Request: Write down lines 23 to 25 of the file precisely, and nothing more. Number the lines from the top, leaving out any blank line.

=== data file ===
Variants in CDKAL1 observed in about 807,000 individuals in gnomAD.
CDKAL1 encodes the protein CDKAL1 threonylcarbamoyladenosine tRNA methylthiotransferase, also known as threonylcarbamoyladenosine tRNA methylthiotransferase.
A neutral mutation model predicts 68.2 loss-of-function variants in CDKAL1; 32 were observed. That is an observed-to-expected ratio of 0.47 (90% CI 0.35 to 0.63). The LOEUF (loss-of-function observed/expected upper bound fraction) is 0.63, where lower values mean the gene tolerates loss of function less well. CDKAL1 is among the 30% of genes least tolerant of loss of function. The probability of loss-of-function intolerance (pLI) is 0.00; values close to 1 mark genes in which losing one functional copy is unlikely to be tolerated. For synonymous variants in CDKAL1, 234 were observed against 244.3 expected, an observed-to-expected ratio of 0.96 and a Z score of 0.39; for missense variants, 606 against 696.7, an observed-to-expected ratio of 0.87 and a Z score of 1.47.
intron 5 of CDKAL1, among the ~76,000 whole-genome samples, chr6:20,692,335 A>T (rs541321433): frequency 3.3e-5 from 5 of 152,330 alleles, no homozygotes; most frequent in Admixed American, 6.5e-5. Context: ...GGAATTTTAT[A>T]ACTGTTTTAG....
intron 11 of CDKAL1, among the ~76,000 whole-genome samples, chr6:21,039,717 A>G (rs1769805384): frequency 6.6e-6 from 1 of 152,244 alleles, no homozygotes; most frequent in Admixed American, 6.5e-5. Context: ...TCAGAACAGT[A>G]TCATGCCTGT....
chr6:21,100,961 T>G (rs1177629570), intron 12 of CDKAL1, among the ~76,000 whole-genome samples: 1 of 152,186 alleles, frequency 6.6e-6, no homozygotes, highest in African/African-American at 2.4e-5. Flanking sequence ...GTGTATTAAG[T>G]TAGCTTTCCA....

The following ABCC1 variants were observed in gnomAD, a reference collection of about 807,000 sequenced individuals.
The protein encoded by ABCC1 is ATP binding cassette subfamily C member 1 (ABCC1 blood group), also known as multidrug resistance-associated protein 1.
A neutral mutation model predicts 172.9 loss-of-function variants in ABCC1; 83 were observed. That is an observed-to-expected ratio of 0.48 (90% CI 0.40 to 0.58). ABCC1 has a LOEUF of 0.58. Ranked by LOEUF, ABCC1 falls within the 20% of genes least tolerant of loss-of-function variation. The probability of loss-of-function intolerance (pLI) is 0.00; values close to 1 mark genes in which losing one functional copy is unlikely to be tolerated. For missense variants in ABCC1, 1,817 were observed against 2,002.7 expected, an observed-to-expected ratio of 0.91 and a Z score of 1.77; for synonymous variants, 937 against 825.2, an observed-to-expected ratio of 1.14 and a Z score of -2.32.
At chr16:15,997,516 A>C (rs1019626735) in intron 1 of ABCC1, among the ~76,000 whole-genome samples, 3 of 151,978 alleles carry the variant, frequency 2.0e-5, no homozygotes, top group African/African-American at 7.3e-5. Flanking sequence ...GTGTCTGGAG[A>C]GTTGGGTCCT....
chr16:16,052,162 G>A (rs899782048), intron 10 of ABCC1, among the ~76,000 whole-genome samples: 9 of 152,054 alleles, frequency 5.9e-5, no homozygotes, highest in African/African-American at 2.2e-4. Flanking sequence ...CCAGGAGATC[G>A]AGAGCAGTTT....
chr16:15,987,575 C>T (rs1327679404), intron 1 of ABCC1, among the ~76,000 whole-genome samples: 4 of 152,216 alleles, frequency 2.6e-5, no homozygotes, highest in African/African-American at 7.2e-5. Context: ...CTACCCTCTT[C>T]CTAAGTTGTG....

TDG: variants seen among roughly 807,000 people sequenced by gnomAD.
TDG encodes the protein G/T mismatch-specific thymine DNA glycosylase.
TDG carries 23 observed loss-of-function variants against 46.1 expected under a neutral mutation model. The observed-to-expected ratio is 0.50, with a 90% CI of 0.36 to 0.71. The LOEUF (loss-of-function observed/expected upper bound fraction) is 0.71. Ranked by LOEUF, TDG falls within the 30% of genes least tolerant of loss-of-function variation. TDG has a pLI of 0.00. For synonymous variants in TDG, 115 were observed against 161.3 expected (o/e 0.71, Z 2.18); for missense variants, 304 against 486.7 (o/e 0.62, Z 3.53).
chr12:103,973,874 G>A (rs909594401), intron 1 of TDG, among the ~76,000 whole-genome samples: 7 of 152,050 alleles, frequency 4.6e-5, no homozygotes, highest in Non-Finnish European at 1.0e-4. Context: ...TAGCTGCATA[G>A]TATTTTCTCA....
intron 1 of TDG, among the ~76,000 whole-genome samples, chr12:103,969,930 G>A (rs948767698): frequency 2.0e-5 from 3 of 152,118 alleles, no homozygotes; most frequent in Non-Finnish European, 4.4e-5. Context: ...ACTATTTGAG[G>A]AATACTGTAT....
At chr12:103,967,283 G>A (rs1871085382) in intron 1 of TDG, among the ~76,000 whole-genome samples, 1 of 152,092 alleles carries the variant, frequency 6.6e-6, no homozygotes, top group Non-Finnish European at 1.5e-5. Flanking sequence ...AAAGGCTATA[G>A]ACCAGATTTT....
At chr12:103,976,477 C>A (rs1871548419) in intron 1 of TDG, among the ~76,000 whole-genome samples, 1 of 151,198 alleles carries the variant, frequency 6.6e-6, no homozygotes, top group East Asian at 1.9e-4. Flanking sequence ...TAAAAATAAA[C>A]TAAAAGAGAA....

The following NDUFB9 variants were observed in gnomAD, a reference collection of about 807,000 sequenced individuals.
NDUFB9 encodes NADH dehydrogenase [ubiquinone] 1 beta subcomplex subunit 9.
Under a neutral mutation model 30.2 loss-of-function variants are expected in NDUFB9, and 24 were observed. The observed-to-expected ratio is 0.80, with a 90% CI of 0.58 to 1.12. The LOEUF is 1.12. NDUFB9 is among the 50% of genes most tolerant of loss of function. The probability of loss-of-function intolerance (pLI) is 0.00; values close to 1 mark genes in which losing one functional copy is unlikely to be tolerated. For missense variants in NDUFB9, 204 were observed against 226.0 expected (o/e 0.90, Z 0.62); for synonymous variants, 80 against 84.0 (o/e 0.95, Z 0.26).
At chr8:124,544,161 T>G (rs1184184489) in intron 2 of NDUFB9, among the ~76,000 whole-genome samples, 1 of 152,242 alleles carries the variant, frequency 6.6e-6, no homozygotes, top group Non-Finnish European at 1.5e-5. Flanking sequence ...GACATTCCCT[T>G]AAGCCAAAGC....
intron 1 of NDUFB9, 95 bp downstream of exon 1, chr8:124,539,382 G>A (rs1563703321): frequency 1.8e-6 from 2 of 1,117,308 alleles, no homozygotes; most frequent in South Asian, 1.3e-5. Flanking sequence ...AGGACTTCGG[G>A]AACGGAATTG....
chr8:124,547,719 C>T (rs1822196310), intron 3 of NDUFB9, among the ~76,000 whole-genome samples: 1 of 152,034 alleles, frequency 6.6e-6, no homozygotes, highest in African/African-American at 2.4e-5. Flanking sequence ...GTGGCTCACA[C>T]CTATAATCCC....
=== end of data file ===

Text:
At chr8:124,544,161 T>G (rs1184184489) in intron 2 of NDUFB9, among the ~76,000 whole-genome samples, 1 of 152,242 alleles carries the variant, frequency 6.6e-6, no homozygotes, top group Non-Finnish European at 1.5e-5. Flanking sequence ...GACATTCCCT[T>G]AAGCCAAAGC....
intron 1 of NDUFB9, 95 bp downstream of exon 1, chr8:124,539,382 G>A (rs1563703321): frequency 1.8e-6 from 2 of 1,117,308 alleles, no homozygotes; most frequent in South Asian, 1.3e-5. Flanking sequence ...AGGACTTCGG[G>A]AACGGAATTG....
chr8:124,547,719 C>T (rs1822196310), intron 3 of NDUFB9, among the ~76,000 whole-genome samples: 1 of 152,034 alleles, frequency 6.6e-6, no homozygotes, highest in African/African-American at 2.4e-5. Flanking sequence ...GTGGCTCACA[C>T]CTATAATCCC....